Spantax were among the last passenger operators of the type, working them into the 1980’s.

slower, removing the aircraft’s unique selling point. Eventually, the aircraft had to fly so slowly that it barely made any difference when compared to the 707 in terms of timekeeping. As such, American Airlines sold off its last 990’s in 1967, only 6 years after the first ones were introduced.

The 990 did however find more success in Europe, with Swissair buying up eight of the 990A variants in 1962 for flights to the Middle East, the Caribbean, Africa and South America. SAS Scandinavian Airlines also bought up a few for long haul flights to Tokyo and the Far East. However, their inefficiency came back to bite them, and by the mid-70’s they had largely been displaced by their Boeing rivals the 720 and the 727. By 1978, most of the 37 990’s built between 1961 and 1963 had been grounded and put into store, but their useful lives were far from over. In the early 1980’s, Spantax of Spain took on several to operate charter flights within Europe. Spantax had first taken on 990’s in 1967 following their withdrawal from American Airlines, and later took on several more to operate right up until the airline went bankrupt in 1988. Another unit was used by a Denver based private hire company, and was available for rent by celebrities and sports teams until the operation folded in 1992. 990’s also found work with airlines such as Alaska Airlines, VARIG, Thai International, MEA, Garuda Indonesia and Cathay Pacific, but these were mostly for short periods or briefly hired. By the early 1990’s nothing remained of the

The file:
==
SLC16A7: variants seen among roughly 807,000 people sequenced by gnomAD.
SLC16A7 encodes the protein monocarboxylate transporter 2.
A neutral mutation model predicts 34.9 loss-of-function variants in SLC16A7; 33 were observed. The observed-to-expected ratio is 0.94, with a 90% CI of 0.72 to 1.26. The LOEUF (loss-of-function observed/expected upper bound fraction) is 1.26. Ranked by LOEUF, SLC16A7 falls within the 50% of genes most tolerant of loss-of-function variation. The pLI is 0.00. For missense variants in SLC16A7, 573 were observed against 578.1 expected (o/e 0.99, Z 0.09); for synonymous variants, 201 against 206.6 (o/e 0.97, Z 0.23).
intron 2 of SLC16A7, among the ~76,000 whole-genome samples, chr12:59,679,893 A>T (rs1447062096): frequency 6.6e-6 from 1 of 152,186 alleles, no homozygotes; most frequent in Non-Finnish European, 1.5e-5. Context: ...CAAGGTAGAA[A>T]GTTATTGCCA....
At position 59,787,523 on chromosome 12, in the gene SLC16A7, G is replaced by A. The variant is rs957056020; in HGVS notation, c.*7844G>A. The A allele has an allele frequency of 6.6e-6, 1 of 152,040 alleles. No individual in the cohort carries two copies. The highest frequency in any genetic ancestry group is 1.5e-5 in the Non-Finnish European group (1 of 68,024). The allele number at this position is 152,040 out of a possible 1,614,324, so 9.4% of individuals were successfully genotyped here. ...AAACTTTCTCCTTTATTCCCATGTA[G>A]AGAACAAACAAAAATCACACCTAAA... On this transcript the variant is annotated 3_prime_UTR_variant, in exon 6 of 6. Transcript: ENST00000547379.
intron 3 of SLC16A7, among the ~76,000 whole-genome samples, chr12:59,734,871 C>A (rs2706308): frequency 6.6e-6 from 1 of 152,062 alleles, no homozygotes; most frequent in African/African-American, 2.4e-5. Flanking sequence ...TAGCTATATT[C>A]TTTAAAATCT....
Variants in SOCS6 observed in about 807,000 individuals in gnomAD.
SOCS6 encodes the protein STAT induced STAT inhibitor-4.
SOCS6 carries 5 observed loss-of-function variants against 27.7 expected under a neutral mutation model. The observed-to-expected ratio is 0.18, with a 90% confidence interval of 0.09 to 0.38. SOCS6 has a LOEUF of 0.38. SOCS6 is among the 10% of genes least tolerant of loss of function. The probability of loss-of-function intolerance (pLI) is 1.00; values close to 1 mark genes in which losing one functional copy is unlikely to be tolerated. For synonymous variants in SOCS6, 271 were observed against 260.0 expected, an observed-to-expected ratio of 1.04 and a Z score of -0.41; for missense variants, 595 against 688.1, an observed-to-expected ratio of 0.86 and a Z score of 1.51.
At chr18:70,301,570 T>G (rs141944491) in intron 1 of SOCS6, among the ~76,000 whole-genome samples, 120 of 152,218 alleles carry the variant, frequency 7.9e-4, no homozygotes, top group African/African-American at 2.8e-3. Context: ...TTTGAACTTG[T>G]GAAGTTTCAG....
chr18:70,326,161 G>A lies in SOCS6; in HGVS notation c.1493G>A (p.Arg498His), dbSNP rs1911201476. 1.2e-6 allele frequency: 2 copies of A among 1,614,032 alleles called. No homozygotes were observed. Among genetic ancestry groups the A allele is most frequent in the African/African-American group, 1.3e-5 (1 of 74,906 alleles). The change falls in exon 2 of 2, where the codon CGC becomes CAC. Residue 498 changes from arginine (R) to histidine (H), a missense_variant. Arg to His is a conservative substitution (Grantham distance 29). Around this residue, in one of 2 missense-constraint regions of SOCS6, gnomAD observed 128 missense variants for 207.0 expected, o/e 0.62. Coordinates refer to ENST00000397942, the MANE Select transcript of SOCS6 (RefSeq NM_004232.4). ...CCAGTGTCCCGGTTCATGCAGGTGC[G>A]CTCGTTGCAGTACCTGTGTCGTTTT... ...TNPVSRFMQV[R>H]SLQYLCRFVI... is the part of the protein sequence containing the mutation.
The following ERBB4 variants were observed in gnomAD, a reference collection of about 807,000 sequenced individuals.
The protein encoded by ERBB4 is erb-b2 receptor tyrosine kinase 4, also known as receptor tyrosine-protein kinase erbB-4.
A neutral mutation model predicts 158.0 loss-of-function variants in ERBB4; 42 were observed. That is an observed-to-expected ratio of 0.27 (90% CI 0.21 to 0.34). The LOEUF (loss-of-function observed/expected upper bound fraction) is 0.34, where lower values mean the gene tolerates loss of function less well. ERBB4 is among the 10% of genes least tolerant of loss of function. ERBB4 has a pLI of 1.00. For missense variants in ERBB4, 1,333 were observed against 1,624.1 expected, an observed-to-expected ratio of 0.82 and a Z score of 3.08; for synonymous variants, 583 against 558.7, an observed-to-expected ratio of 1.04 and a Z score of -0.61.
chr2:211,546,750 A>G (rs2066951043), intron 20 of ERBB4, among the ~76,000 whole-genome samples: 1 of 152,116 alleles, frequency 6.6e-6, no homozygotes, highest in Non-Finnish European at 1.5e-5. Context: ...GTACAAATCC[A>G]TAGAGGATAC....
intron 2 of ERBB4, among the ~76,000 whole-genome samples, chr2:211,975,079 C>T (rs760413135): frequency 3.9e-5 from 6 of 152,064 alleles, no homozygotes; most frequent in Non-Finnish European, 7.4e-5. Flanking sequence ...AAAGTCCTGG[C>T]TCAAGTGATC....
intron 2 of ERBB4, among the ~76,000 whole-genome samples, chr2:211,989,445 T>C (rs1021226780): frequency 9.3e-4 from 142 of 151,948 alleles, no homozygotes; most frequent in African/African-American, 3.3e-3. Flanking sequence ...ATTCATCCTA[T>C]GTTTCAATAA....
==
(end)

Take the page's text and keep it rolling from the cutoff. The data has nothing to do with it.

Former Spantax 990 EC-BZO has been sat abandoned on the apron at Palma in Majorca since the 1980’s.